The SAC has a forward topology with the input energy passing to the output. The leakage inductance of the primary is minimised since it is not a critical storage element. The unique operation of the SAC forward topology enables a higher switching frequency and the use of smaller magnetics with lower intrinsic losses. The resulting increase in efficiency means less power is wasted during conversion, easing thermal management and allowing for more output current and a larger power density from a smaller package. Faster operation transfers energy to the output more often, improving the transient response to dynamic load changes to a few cycles.
Vicor is planning to bring to orbit a range of DC-DCs. Parts have already been de-risked and designed-in by Boeing for an O3b satellite offering space-based internet. Initially four rad-tolerant DC-DCs will be offered:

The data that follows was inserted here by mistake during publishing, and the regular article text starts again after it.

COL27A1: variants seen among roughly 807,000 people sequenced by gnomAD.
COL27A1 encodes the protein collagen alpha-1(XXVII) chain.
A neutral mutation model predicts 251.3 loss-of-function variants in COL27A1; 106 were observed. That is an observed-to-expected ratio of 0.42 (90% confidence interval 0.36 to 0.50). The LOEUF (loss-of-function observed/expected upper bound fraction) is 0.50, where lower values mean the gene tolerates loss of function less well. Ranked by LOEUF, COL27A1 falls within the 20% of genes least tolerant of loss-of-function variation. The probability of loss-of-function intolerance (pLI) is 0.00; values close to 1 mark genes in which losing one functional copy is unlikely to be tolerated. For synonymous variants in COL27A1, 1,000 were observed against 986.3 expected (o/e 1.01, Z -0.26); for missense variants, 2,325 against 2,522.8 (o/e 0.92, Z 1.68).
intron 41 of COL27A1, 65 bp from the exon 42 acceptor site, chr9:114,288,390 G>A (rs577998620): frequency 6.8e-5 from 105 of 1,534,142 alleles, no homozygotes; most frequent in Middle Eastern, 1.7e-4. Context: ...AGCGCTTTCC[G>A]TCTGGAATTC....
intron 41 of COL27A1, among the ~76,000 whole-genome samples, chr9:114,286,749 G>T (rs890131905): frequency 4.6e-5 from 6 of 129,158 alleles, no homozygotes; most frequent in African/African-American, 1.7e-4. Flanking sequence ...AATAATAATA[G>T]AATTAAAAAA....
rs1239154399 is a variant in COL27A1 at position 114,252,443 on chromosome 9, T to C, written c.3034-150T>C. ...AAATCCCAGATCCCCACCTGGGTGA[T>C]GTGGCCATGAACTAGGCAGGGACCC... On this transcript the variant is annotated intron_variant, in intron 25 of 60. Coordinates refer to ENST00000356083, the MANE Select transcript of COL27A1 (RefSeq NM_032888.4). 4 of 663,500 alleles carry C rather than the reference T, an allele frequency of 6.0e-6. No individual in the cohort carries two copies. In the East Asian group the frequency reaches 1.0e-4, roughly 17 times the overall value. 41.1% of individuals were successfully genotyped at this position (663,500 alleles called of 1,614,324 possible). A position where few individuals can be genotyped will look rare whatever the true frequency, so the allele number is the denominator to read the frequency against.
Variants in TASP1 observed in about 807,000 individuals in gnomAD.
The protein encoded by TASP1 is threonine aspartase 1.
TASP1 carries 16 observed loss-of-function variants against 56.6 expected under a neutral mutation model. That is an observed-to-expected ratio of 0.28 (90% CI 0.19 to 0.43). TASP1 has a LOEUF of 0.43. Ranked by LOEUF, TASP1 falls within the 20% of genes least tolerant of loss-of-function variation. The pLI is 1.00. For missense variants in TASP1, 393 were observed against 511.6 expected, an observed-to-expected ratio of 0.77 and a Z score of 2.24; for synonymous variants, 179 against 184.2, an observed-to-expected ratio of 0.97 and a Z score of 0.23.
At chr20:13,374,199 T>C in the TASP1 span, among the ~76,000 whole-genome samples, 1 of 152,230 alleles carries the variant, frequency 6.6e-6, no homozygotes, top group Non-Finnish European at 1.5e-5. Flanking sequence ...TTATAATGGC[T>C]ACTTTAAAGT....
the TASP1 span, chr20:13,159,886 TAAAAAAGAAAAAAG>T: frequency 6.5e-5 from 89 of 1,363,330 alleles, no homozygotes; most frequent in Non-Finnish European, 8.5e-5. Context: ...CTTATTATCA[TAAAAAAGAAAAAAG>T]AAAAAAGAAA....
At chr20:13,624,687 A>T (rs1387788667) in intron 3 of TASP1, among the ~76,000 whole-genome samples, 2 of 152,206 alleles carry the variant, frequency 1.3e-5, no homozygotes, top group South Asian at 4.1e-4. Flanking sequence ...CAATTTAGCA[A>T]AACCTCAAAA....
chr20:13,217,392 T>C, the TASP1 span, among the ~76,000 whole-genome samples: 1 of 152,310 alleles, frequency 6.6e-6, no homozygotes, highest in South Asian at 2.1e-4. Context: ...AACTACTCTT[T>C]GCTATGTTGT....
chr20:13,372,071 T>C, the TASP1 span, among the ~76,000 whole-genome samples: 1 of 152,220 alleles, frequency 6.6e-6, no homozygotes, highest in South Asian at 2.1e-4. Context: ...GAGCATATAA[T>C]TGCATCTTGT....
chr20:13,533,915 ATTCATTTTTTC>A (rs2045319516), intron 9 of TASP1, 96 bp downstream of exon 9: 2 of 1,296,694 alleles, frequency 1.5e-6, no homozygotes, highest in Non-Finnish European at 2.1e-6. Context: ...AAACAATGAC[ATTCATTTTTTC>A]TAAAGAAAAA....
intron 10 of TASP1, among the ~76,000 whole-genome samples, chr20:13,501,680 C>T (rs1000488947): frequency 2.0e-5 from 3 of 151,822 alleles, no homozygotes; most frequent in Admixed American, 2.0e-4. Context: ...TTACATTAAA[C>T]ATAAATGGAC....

The four DC-DCs have been designed using a redundant system architecture containing two identical parallel powertrains with fault tolerant control to meet single-event-effect (SEE) requirements. To reduce manufacturing costs, the parts have been packaged in a plated, epoxy-moulded resin BGA with excellent thermal conductivity, branded as SM-ChiP, compatible with standard surface-mount, pick-and-place, and reflow assembly processes (Figure 3). The DC-DCs are EAR99, specified from -40 to 125°C and offer various overvoltage, short-circuit current, undervoltage, and thermal protection features. The target total-dose is 50 kRad (Si) with SEE and other reliability data to be released later this year. Datasheets are available and bespoke input/output options can also be ordered.